From One Crisis to Another: Venezuelan forced migration in the Americas


During the Organization of American State´s 48th General Assembly, which ended last Tuesday, the situation in Venezuela was a hotly debated issue. Over the past few years, the progressive erosion of democracy, political persecution and repression, the breach of democratic checks and balances, and systematic violations of human rights have catalyzed an economic crisis resulting in food and medical shortages.  This has prompted many to flee the country. 

Among those who have fled is Ana, a Venezuelan activist, who migrated to the Dominican Republic after she had exhausted all economic opportunities in her home country and Carlos, a human rights defender who left his country for fear of persecution and risk to his life and now lives in Peru. In addition to the causes of migration already mentioned, lack of food and health services are among the triggering factors for these displacements.

Like Ana and Carlos, almost two million Venezuelans have been forced to migrate across the region for similar reasons. However, as detailed at a hearing at the Inter-American Commission on Human Rights´ 168th Period of Ordinary Sessions, their departure from one crisis situation is promptly turning into a series of additional vulnerabilities within arrival countries: “We want to make it clear that if we could return to Venezuela, we would,” said a Venezuelan migrant in her presentation, “but that is not possible at this moment or in the near future. We want a temporary residence permit.”

Without proper documentation, threats of deportation and lack of access to work permits are all too common in the lives of many migrants like Ana and Carlos, who arrived in their host countries due to economic convenience and cultural proximity. Unfortunately, due to the conditions in Venezuela, many did not have access to their legal documents prior to leaving. In addition, it can take anywhere from months to years, if ever, to get passports from Venezuela due to ongoing bureaucratic and legal tangles spurred by the crisis. The lack of identity documents could put thousands of people at risk of statelessness.

 If receiving countries like Chile, Colombia, the Dominican Republic, Ecuador, Brazil and Peru do not give migrants viable routes to legal residency, and continue to require documents that are nearly impossible to acquire, migrants are left with no choice but to stay in the receiving country without papers. This in turn limits their economic opportunities and leaves them with the constant fear of being deported. Venezuelan activists found out in 2018 that the Dominican Republic had begun to deport Venezuelans. Furthermore, after a Venezuelan woman presented her story before the IACHR hearing, she was detained at the Dominican-Haitian border and sent to a center for 24 hours. Although she was released, her detainment is an example of one of the patterns of behavior faced by many migrants who seek to make a life outside of Venezuela. Worse yet, many Venezuelans simply are not even be able to access another country due to barriers enforced by authorities.

The forced migration of millions from Venezuela is a regional challenge and humanitarian crisis. Yet, could also be an opportunity for coordinated regional solidarity looked at through a human rights lens. As such, a joint effort by member states of the OAS to protect the rights of forced migrants from Venezuela must be implemented. A potential action plan could include, among other things, improved information on the flows of migrants, directing funds to reviewing legal frameworks and coordinating efforts between different stakeholders and actors to address the needs of migrants to ensure their rights, and implementing global pacts on migration.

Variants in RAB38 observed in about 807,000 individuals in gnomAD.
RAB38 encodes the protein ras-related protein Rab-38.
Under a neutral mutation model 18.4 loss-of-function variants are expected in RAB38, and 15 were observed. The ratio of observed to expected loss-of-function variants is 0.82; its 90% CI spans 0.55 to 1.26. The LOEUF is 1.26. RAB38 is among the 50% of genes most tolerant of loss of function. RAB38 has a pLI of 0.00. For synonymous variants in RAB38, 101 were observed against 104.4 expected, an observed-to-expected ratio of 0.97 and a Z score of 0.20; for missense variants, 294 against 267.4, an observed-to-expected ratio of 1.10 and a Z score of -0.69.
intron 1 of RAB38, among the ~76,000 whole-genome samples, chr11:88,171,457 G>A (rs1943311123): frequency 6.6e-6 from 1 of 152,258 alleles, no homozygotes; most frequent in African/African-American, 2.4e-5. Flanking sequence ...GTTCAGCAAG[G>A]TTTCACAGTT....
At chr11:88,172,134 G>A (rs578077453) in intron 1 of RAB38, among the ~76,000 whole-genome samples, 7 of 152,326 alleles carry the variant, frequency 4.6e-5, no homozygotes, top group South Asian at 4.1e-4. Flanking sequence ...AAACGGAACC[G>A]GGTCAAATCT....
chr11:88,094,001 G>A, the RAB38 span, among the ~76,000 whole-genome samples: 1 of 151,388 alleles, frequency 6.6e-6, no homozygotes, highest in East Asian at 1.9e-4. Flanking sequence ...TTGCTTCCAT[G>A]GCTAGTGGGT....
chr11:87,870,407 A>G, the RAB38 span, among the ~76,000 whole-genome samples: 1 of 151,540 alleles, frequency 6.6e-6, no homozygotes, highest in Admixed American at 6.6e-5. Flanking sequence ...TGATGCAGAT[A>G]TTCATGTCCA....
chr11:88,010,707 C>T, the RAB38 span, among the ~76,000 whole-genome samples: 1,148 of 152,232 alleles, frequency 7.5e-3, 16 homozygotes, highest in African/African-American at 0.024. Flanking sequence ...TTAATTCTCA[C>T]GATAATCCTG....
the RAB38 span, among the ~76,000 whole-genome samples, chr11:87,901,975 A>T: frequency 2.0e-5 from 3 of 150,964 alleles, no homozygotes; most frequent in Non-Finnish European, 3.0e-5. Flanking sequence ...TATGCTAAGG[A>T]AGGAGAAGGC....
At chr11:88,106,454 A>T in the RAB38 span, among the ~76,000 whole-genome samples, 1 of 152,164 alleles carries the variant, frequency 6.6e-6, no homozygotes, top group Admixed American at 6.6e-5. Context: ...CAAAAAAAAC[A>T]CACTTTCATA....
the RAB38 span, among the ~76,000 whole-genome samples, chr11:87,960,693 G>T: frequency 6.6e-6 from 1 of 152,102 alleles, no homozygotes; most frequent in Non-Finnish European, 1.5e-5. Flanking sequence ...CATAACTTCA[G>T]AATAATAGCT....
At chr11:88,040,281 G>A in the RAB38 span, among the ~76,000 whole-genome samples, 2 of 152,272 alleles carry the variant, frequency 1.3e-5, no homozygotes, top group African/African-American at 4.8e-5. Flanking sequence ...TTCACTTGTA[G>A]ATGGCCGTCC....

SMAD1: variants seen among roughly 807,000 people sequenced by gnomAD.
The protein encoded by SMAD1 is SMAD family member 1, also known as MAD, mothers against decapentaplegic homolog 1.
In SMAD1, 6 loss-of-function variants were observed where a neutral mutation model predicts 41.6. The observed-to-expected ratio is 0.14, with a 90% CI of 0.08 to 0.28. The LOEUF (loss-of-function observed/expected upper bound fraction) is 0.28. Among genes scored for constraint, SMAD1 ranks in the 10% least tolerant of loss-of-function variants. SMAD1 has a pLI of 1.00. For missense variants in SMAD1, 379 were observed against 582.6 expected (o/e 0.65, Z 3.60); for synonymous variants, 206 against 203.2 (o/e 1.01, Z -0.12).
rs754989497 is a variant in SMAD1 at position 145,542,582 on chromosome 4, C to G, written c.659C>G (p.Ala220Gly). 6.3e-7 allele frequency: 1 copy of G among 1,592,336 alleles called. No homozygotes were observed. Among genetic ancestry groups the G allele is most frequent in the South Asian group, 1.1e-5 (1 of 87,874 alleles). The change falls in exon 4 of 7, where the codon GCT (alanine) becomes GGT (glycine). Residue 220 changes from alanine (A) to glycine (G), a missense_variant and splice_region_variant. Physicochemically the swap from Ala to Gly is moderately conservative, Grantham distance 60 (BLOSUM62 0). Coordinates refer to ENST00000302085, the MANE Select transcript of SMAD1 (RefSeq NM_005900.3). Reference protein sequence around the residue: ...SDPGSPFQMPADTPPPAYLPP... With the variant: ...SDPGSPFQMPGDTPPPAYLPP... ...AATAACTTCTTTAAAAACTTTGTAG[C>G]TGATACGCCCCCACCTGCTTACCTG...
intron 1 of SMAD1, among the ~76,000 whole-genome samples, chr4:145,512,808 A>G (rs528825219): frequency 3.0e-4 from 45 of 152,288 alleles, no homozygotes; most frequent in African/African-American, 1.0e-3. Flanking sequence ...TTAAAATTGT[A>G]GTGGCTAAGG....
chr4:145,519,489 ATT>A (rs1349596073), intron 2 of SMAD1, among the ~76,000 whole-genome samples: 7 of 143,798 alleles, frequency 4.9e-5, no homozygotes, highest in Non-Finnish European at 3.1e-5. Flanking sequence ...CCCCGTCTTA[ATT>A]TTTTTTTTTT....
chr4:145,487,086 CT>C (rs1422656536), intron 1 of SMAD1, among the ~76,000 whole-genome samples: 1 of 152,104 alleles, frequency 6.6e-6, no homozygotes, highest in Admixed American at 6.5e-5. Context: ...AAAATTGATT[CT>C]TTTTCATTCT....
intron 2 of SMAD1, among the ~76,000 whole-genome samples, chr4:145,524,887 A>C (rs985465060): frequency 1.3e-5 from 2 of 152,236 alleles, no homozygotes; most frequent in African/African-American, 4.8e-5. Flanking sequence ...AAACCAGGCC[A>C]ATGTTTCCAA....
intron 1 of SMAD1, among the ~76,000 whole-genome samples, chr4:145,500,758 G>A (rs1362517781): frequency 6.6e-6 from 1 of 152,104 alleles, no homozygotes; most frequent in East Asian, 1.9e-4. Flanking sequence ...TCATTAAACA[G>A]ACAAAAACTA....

Furthermore, these efforts need to include the voices of Venezuelans on the ground. Activists like Ana and Carlos, who now work with national organizations in Santo Domingo and Lima to provide accompaniment to Venezuelan migrants at risk of deportation, are leading the way in the fight for the rights of migrants. In their own words: “If the Venezuelan immigrant does not organize, then they are lost.”

Moreover, other countries in Central America are experiencing a similar sort of systemic institutional erosion and social deterioration. It is important to remember that regional human rights frameworks, when done right, can apply to all migrants regardless of their status, improving a receiving country's capacity to say: I Welcome You.

Unfortunately, for Venezuela this is an issue that will only get worse, as the UNHCR predicted the number of migrants will increase after Venezuela´s recent elections. The need for responses is urgent. Thus far, the OAS closed its General Assembly with a resolution on Venezuela which instructs “the Permanent Council to identify, in coordination with the relevant inter-American and international institutions, the appropriate measures to support the member states that are receiving an increasing number of Venezuelan migrants and refugees.” How this piece of the document will be implemented remains to be seen.

*Names of the victims have been shortened to protect their identities.

By Francisco Quintana, Program Director for the Andean, North America and Caribbean Region for the Center for Justice and International Law, CEJIL; With contributions from Alexandra McAnarney, Director of Communications, CEJIL and Soledad Slowing-Romero, Intern.